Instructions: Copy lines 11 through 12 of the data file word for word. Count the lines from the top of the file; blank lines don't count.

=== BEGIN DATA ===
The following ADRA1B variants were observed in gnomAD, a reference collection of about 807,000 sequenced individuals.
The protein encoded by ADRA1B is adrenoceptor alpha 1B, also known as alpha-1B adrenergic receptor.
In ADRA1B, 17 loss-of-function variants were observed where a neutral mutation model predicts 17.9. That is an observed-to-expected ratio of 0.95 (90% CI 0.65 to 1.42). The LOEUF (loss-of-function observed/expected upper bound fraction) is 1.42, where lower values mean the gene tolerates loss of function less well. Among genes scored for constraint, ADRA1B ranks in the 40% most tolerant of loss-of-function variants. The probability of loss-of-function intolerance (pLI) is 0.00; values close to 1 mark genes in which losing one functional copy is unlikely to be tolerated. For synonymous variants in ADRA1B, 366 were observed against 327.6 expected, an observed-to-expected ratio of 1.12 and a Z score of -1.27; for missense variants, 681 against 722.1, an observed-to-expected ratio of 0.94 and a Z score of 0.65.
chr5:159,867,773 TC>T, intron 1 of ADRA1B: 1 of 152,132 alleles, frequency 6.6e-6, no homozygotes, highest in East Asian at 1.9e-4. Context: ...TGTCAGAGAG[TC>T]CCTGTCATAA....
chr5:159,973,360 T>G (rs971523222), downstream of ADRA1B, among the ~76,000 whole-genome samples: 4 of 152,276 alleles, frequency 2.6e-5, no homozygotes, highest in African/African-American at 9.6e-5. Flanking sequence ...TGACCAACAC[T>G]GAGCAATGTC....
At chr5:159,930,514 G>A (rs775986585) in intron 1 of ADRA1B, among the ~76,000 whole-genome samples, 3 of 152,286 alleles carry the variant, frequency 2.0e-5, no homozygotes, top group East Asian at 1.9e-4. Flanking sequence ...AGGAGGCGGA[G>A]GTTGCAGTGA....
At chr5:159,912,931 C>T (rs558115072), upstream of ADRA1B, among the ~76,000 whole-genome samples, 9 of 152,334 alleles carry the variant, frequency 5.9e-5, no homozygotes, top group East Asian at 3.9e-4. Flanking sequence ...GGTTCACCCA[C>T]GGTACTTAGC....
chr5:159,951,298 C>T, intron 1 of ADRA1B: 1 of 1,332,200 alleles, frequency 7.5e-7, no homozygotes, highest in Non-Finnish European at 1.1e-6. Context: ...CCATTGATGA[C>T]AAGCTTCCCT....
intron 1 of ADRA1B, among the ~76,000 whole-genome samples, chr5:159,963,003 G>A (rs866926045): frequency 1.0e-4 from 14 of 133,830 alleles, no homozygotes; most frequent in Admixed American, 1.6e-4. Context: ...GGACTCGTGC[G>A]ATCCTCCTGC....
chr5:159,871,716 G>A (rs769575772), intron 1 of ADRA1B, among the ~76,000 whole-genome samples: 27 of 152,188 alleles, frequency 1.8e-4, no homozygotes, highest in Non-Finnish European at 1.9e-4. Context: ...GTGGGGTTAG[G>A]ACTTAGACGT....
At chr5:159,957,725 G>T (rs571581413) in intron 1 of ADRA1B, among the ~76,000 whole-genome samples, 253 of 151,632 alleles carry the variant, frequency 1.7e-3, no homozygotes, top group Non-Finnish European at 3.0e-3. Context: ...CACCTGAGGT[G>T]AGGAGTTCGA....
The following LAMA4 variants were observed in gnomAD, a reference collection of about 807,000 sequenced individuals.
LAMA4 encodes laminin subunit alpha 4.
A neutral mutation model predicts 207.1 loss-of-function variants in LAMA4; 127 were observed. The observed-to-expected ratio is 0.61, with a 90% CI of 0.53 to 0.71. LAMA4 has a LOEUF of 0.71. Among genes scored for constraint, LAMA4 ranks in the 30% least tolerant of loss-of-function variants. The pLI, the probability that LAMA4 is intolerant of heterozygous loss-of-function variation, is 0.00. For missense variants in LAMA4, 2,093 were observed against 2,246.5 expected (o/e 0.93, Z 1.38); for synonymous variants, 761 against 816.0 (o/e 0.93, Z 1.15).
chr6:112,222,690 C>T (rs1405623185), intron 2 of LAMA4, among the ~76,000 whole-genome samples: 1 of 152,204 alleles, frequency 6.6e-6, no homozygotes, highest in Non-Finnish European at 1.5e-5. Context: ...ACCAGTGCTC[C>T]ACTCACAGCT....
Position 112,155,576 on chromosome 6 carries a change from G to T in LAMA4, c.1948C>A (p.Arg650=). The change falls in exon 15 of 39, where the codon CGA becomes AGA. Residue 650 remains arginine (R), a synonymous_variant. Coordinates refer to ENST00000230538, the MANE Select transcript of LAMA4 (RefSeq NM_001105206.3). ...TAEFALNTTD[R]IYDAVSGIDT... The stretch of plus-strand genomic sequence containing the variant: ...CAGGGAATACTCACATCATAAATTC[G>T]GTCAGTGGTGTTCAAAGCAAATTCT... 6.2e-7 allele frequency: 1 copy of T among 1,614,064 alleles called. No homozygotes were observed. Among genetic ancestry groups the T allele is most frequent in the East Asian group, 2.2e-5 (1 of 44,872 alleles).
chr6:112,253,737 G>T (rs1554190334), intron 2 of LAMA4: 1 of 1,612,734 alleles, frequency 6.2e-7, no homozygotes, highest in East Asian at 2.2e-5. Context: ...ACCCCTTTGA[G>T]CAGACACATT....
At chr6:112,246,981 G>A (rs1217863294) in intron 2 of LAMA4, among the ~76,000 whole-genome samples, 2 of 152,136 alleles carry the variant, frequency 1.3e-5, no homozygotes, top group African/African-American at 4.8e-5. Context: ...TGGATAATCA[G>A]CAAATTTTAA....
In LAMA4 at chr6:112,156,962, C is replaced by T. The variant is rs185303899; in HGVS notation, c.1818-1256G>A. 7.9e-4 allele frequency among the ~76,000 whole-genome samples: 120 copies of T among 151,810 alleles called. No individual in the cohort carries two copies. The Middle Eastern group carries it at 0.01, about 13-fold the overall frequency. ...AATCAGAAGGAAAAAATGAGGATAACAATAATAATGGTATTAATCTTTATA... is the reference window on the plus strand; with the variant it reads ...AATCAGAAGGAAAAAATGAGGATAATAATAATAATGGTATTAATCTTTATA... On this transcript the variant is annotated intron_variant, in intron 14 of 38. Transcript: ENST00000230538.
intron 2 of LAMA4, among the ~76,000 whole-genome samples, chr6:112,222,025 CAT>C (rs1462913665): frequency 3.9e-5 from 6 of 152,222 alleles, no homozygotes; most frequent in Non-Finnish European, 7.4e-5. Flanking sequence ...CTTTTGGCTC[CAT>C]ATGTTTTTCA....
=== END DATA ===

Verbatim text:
At chr5:159,957,725 G>T (rs571581413) in intron 1 of ADRA1B, among the ~76,000 whole-genome samples, 253 of 151,632 alleles carry the variant, frequency 1.7e-3, no homozygotes, top group Non-Finnish European at 3.0e-3. Context: ...CACCTGAGGT[G>T]AGGAGTTCGA....
The following LAMA4 variants were observed in gnomAD, a reference collection of about 807,000 sequenced individuals.